[Probably: Malang, Java:] September 30 03 – March 7 04 [Japanese imperial calendar, September 30 1943 – March 7 1944, Gregorian Calendar (date on the first page)],
[Lampersari, Java]: March 1944 – shortly after July 12 2604 .
Japanese Prison Camps for Dutch Women and Children in Java during World War II
The Japanese invaded the Dutch East Indies on January 10, 1942 and on February 28 their army landed on the coast of West Java. In the next weeks and months the Dutch men, living on the island were imprisoned and many were executed.
Shortly after, the Japanese gathered Dutch women and children and relocated them to prison camps, distributed along the island, with the pretext of protecting them from the Indonesians. Harsh conditions in camps, with only limited food and space soon started taking toll on the prisoners, used of comfortable life before the war. Many elderly and weak soon scumbled to diseases as the others were appointed of maintaining the place with hard labor. Education for women and children was strictly forbidden.
Japanese prison camps for women and children were much crueler that prisons form men, that had more liberties, including education and were exposed to less physical harm than women.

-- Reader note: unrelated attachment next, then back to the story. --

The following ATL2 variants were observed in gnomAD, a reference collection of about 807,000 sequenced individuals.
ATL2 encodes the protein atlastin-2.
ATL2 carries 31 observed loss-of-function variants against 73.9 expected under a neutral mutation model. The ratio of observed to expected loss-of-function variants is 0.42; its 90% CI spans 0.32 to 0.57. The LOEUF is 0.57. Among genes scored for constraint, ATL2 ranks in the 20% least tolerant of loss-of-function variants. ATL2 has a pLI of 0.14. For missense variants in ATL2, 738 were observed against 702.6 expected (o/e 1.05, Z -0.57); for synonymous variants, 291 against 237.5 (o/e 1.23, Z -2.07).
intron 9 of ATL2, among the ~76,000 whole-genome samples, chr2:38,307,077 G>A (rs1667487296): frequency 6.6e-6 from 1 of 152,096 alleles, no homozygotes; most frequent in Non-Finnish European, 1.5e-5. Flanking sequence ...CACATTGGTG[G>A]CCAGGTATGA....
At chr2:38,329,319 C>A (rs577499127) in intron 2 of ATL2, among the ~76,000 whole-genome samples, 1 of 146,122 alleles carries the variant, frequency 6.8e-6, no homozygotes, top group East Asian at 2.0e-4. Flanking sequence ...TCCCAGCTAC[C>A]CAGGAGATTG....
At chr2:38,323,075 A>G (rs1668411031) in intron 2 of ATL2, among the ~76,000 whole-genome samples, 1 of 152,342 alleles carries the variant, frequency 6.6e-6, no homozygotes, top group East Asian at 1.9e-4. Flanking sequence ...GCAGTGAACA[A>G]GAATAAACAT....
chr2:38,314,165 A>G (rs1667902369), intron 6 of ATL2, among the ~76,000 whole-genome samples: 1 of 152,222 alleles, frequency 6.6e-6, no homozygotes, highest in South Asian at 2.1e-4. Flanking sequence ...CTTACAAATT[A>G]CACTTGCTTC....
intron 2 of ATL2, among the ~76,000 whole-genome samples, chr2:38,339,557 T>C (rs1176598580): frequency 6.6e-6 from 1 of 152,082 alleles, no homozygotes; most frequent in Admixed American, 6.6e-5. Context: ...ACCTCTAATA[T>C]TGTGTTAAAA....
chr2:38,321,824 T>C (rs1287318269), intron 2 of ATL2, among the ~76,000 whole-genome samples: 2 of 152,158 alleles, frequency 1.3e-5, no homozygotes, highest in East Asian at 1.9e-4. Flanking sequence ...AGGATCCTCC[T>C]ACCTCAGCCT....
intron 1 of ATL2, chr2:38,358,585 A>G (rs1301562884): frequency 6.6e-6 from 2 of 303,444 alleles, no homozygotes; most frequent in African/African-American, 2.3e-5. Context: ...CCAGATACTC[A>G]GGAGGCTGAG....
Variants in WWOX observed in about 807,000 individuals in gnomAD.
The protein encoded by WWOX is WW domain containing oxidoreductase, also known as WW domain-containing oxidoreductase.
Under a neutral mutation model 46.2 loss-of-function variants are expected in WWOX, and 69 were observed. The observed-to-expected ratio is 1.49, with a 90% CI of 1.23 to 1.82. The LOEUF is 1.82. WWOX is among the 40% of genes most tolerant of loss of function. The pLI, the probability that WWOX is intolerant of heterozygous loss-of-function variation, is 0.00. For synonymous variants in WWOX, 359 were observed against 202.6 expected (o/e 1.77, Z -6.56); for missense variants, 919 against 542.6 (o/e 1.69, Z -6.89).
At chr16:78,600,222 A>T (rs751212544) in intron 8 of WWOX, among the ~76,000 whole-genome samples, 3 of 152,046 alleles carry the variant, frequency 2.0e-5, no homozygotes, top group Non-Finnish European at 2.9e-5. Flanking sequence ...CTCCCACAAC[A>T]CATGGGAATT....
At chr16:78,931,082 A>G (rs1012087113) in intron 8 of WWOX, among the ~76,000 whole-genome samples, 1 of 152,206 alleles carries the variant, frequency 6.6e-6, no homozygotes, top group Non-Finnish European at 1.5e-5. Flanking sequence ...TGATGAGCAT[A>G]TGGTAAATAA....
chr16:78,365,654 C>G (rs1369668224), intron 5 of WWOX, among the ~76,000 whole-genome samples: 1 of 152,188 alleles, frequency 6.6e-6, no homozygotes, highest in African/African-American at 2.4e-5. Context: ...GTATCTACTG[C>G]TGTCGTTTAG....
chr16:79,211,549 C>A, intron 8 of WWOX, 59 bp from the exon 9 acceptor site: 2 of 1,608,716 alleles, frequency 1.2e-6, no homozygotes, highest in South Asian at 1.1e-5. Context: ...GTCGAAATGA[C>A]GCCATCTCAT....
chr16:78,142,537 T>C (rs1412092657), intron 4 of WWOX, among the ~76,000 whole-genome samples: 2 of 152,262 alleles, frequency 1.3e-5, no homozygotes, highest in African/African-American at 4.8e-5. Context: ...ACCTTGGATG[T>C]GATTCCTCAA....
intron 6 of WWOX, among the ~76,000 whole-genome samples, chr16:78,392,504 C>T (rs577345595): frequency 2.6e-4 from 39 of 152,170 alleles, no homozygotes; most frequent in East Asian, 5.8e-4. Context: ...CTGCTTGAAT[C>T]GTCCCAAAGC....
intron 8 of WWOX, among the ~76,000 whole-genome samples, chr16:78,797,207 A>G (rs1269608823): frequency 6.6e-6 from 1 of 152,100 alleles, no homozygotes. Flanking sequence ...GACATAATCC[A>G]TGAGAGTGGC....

In January,1944, women and children officially declared prisoners of war. The situation for them worsened and many were transported to other, harsher and more crammed camps, where they were appointed to do humiliating jobs, such as transporting stones and cleaning toilets. Many young women were taken by the Japanese to entertain them as “comfort women”.
Women were also deported in large numbers to work as prostitutes to Japanese soldiers.
With the capitulation of Japan in the autumn of 1945 the prisoners continued being kept at camps for their security and most of them only left, accompanied by relatives or friends from the outside world. With their homes destroyed and in many cases without husbands and fathers, who perished at an unknown time during the war, the freed women and children moved mostly to the Netherlands.
The Manuscript in Focus
The diary was written by a young woman, probably in her mid or late teens, possibly identical to one W. de Nieuwe, signed on the cover, who was deported to Malang prison camp on September 30th 1943 and to Lampersari in March 1944.
The manuscript is an intelligently written narrative poetry, describing the miserable conditions of the prison camps almost like a musical, with bitterly ironical tone and black humor. A part of the text is formed as poems, as some parts were supposed to be sung to the tunes of popular melodies, mentioned in brackets. The happy rhythms added additional irony to the discouraging situation, the author found herself in.
The diary also includes a prison camp alphabet, where the letters are connected with the words from the prison life, such as sleeping on the floors, surrounded by 100 lice, watery soup, diarrhea etc.
In the first part of the text the author describes Malang camp with the first song introducing the “happy” daily life in the camp with waking up early, eating Indonesian plain or fermented rice dishes (Tapai, Lemper and Ketan) and then cleaning, scrubbing and washing the laundry until the evening. The second song describes a Dutch girl Maud working as a babysitter and toilette cleaner three times per week for a miserable salary.